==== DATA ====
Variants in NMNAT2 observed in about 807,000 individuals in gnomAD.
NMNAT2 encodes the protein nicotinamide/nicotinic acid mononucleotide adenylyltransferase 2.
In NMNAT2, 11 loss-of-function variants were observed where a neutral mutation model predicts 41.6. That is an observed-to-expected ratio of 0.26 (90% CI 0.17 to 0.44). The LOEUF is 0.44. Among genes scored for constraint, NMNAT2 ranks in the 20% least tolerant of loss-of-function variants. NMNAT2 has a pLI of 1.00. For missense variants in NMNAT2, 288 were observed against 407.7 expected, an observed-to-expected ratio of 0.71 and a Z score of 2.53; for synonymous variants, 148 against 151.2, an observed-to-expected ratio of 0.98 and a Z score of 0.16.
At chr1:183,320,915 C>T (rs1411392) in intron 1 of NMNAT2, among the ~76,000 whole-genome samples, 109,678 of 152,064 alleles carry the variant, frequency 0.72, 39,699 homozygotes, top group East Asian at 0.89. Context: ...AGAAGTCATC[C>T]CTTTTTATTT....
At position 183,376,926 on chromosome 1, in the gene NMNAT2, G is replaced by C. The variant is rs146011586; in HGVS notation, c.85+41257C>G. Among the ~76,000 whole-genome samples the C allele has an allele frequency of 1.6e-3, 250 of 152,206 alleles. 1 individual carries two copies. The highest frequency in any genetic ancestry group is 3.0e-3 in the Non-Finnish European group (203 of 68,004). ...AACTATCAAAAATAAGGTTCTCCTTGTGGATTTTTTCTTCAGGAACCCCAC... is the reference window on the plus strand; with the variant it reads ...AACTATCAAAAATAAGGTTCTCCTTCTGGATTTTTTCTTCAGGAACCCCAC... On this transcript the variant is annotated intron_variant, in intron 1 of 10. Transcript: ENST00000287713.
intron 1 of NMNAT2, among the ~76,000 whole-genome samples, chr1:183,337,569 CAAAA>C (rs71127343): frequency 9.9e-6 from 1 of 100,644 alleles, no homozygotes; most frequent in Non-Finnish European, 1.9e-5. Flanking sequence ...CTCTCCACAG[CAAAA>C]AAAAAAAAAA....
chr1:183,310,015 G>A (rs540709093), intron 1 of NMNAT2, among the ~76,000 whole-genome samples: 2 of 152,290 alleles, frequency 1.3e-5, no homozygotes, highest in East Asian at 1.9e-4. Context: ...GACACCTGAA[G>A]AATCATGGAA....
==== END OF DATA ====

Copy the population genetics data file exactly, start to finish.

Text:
Variants in NMNAT2 observed in about 807,000 individuals in gnomAD.
NMNAT2 encodes the protein nicotinamide/nicotinic acid mononucleotide adenylyltransferase 2.
In NMNAT2, 11 loss-of-function variants were observed where a neutral mutation model predicts 41.6. That is an observed-to-expected ratio of 0.26 (90% CI 0.17 to 0.44). The LOEUF is 0.44. Among genes scored for constraint, NMNAT2 ranks in the 20% least tolerant of loss-of-function variants. NMNAT2 has a pLI of 1.00. For missense variants in NMNAT2, 288 were observed against 407.7 expected, an observed-to-expected ratio of 0.71 and a Z score of 2.53; for synonymous variants, 148 against 151.2, an observed-to-expected ratio of 0.98 and a Z score of 0.16.
At chr1:183,320,915 C>T (rs1411392) in intron 1 of NMNAT2, among the ~76,000 whole-genome samples, 109,678 of 152,064 alleles carry the variant, frequency 0.72, 39,699 homozygotes, top group East Asian at 0.89. Context: ...AGAAGTCATC[C>T]CTTTTTATTT....
At position 183,376,926 on chromosome 1, in the gene NMNAT2, G is replaced by C. The variant is rs146011586; in HGVS notation, c.85+41257C>G. Among the ~76,000 whole-genome samples the C allele has an allele frequency of 1.6e-3, 250 of 152,206 alleles. 1 individual carries two copies. The highest frequency in any genetic ancestry group is 3.0e-3 in the Non-Finnish European group (203 of 68,004). ...AACTATCAAAAATAAGGTTCTCCTTGTGGATTTTTTCTTCAGGAACCCCAC... is the reference window on the plus strand; with the variant it reads ...AACTATCAAAAATAAGGTTCTCCTTCTGGATTTTTTCTTCAGGAACCCCAC... On this transcript the variant is annotated intron_variant, in intron 1 of 10. Transcript: ENST00000287713.
intron 1 of NMNAT2, among the ~76,000 whole-genome samples, chr1:183,337,569 CAAAA>C (rs71127343): frequency 9.9e-6 from 1 of 100,644 alleles, no homozygotes; most frequent in Non-Finnish European, 1.9e-5. Flanking sequence ...CTCTCCACAG[CAAAA>C]AAAAAAAAAA....
chr1:183,310,015 G>A (rs540709093), intron 1 of NMNAT2, among the ~76,000 whole-genome samples: 2 of 152,290 alleles, frequency 1.3e-5, no homozygotes, highest in East Asian at 1.9e-4. Context: ...GACACCTGAA[G>A]AATCATGGAA....